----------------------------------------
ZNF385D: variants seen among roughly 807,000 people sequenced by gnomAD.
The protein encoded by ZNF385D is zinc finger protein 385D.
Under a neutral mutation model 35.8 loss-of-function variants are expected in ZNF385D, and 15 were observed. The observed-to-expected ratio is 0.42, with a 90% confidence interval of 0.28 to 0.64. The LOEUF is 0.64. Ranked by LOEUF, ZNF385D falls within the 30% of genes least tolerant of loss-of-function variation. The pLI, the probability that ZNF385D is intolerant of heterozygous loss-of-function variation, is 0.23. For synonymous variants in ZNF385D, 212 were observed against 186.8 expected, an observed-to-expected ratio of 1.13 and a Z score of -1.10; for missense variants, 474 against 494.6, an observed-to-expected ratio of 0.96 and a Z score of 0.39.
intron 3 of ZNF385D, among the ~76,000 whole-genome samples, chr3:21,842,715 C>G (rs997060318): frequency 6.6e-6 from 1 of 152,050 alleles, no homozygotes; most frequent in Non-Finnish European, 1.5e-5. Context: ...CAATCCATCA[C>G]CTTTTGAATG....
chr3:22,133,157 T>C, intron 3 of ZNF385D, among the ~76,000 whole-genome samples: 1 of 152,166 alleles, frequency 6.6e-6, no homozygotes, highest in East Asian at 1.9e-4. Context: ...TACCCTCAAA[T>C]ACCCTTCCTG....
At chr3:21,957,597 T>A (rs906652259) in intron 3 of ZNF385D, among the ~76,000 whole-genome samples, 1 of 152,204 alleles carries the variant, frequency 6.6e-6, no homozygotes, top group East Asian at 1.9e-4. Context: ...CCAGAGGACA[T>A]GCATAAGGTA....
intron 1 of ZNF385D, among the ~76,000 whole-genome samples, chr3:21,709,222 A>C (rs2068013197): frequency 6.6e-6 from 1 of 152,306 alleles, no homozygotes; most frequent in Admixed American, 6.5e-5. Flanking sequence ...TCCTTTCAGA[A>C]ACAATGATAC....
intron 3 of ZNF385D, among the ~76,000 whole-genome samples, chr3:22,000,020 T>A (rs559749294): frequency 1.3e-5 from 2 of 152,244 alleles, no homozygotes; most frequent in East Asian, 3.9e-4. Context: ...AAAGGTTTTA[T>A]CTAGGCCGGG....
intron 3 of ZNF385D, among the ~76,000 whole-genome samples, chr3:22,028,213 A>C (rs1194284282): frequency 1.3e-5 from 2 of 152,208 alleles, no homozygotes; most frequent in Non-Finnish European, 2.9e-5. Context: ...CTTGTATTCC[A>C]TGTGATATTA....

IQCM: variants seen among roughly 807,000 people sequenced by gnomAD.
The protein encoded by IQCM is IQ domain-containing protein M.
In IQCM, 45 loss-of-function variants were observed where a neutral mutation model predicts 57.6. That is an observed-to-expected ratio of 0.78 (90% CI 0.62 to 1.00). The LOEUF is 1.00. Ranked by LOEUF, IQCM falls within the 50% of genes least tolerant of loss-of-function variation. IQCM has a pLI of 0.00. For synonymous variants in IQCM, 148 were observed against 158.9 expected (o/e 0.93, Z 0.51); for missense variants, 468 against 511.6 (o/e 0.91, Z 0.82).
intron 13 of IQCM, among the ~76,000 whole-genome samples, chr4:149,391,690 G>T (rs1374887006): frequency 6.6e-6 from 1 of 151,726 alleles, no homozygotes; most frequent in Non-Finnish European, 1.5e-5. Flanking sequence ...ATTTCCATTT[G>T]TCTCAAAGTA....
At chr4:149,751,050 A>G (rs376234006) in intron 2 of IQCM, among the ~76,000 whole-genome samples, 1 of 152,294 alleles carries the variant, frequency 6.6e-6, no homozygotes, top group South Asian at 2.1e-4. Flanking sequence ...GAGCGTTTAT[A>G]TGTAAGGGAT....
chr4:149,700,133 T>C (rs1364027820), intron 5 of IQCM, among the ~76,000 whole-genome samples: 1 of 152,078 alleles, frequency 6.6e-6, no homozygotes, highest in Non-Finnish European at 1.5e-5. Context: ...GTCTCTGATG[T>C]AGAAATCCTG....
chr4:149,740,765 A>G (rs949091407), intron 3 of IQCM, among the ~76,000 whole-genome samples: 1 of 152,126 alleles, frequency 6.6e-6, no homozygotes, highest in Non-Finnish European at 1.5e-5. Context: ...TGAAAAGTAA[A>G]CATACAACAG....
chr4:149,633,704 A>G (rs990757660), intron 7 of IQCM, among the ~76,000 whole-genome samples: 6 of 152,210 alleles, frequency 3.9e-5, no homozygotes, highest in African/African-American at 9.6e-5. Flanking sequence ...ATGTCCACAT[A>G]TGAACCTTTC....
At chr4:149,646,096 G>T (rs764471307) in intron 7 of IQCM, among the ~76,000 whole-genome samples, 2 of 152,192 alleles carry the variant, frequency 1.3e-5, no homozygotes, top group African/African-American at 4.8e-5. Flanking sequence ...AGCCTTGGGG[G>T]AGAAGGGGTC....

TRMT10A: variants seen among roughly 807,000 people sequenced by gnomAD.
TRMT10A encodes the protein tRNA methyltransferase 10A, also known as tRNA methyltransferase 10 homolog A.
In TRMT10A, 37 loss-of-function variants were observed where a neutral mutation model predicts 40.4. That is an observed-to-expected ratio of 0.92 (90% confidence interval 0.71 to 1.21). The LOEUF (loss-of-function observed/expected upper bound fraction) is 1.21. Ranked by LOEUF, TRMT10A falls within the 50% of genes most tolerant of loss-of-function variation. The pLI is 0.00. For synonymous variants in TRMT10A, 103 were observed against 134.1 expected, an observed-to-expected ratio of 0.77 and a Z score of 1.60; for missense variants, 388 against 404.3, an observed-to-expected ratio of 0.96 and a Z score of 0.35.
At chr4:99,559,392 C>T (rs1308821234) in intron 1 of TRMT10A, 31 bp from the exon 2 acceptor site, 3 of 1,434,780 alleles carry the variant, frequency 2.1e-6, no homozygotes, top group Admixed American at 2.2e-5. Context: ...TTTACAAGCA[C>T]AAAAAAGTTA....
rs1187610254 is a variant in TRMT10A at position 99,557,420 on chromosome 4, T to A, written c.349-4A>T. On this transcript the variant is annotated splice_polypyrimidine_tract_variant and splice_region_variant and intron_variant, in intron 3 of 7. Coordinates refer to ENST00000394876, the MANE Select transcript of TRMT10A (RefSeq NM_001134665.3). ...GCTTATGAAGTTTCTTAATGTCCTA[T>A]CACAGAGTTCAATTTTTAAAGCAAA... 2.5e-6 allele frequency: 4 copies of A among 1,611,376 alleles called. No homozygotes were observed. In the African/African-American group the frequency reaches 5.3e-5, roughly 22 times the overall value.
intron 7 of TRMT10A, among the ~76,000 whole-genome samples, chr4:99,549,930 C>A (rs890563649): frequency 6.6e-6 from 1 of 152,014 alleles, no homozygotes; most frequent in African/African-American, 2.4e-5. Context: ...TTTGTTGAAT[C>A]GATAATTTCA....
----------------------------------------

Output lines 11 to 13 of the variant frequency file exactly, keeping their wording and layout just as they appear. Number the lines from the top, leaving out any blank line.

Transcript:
The protein encoded by IQCM is IQ domain-containing protein M.
In IQCM, 45 loss-of-function variants were observed where a neutral mutation model predicts 57.6. That is an observed-to-expected ratio of 0.78 (90% CI 0.62 to 1.00). The LOEUF is 1.00. Ranked by LOEUF, IQCM falls within the 50% of genes least tolerant of loss-of-function variation. IQCM has a pLI of 0.00. For synonymous variants in IQCM, 148 were observed against 158.9 expected (o/e 0.93, Z 0.51); for missense variants, 468 against 511.6 (o/e 0.91, Z 0.82).
intron 13 of IQCM, among the ~76,000 whole-genome samples, chr4:149,391,690 G>T (rs1374887006): frequency 6.6e-6 from 1 of 151,726 alleles, no homozygotes; most frequent in Non-Finnish European, 1.5e-5. Flanking sequence ...ATTTCCATTT[G>T]TCTCAAAGTA....